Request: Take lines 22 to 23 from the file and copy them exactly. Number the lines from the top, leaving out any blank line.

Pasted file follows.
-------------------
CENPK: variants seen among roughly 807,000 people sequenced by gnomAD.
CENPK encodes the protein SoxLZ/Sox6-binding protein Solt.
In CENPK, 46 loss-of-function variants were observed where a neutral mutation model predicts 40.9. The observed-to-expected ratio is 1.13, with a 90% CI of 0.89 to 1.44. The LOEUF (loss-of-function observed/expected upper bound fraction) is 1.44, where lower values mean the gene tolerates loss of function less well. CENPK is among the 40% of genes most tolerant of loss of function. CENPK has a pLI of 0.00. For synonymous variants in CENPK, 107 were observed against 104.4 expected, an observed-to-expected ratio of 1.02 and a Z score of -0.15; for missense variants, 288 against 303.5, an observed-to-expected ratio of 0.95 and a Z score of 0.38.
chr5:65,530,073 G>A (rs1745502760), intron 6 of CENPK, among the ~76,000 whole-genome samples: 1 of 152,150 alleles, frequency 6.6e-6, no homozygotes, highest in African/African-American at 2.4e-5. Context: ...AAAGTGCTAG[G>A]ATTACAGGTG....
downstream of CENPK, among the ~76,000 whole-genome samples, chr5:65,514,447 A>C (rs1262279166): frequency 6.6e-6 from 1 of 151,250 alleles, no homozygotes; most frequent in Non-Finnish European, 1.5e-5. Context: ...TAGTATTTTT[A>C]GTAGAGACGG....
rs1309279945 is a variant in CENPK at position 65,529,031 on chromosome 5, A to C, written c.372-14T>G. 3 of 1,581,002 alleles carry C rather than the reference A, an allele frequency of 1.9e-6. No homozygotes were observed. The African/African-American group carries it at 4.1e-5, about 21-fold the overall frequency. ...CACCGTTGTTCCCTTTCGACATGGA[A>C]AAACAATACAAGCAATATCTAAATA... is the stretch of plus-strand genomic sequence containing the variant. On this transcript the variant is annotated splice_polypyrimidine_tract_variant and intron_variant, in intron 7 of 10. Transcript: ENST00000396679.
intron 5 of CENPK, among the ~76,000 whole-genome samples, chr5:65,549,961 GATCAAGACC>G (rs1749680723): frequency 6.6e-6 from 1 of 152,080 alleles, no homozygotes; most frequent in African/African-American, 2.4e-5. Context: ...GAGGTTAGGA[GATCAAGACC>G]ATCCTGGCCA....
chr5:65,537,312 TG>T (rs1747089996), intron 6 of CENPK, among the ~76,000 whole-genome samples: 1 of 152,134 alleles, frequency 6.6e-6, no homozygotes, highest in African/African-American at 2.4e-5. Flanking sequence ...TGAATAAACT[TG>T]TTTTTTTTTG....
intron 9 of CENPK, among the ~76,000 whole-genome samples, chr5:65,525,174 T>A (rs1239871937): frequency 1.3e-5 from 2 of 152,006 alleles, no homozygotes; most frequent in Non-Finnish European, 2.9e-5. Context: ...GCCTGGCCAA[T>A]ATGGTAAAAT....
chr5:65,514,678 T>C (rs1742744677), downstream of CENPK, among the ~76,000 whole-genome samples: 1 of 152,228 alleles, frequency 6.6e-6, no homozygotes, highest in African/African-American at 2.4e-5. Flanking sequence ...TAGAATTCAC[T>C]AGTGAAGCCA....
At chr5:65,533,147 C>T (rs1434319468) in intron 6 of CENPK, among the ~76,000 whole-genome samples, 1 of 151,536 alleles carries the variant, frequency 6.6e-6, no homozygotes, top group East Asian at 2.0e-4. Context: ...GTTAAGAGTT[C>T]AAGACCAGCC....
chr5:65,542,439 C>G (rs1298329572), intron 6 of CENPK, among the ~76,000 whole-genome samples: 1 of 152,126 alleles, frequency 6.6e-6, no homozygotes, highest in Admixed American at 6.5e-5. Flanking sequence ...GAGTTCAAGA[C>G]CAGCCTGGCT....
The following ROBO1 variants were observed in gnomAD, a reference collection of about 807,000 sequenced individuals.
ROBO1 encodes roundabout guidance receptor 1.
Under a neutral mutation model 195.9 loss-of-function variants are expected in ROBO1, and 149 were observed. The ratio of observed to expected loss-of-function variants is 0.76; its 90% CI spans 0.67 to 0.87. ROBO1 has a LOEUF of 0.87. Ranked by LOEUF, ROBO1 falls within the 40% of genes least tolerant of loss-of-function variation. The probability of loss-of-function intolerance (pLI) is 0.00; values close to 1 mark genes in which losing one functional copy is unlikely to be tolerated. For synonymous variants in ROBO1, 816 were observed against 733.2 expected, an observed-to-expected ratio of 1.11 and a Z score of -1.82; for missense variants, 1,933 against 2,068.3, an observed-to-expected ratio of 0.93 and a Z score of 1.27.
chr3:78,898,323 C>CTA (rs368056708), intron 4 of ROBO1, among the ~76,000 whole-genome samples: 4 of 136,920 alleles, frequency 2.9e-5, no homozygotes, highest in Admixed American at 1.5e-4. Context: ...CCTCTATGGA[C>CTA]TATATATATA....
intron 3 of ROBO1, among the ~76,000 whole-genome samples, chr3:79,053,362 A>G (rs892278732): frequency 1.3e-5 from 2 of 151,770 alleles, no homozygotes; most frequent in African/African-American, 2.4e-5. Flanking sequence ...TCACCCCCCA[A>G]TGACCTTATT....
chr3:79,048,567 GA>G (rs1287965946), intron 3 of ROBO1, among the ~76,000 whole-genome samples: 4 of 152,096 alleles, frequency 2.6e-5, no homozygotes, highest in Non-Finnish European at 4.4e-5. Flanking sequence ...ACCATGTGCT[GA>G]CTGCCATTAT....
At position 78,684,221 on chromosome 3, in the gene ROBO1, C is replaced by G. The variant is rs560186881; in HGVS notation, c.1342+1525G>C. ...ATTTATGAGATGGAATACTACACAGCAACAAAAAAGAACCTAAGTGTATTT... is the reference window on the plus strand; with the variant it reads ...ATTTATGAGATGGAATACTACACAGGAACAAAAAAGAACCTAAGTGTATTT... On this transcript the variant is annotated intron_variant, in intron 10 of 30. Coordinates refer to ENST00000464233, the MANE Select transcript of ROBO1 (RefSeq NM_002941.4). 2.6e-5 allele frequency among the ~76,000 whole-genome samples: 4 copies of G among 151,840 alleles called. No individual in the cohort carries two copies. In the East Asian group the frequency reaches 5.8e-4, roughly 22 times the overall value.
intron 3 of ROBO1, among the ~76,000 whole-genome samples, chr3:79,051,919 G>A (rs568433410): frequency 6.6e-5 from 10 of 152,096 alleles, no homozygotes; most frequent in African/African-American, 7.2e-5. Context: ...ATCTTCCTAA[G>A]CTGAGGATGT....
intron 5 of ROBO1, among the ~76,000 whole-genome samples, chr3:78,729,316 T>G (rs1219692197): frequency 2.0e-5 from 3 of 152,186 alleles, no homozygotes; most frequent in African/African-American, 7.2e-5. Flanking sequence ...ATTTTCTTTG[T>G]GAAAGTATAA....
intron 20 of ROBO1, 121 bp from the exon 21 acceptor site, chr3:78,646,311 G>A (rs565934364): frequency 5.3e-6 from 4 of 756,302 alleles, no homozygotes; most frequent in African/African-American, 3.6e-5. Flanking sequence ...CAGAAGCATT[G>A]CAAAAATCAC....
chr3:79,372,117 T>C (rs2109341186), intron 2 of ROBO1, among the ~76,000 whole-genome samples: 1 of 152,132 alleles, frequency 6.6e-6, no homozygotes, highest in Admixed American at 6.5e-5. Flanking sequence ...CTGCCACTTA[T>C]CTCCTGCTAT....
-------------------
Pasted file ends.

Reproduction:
intron 20 of ROBO1, 121 bp from the exon 21 acceptor site, chr3:78,646,311 G>A (rs565934364): frequency 5.3e-6 from 4 of 756,302 alleles, no homozygotes; most frequent in African/African-American, 3.6e-5. Flanking sequence ...CAGAAGCATT[G>A]CAAAAATCAC....
chr3:79,372,117 T>C (rs2109341186), intron 2 of ROBO1, among the ~76,000 whole-genome samples: 1 of 152,132 alleles, frequency 6.6e-6, no homozygotes, highest in Admixed American at 6.5e-5. Flanking sequence ...CTGCCACTTA[T>C]CTCCTGCTAT....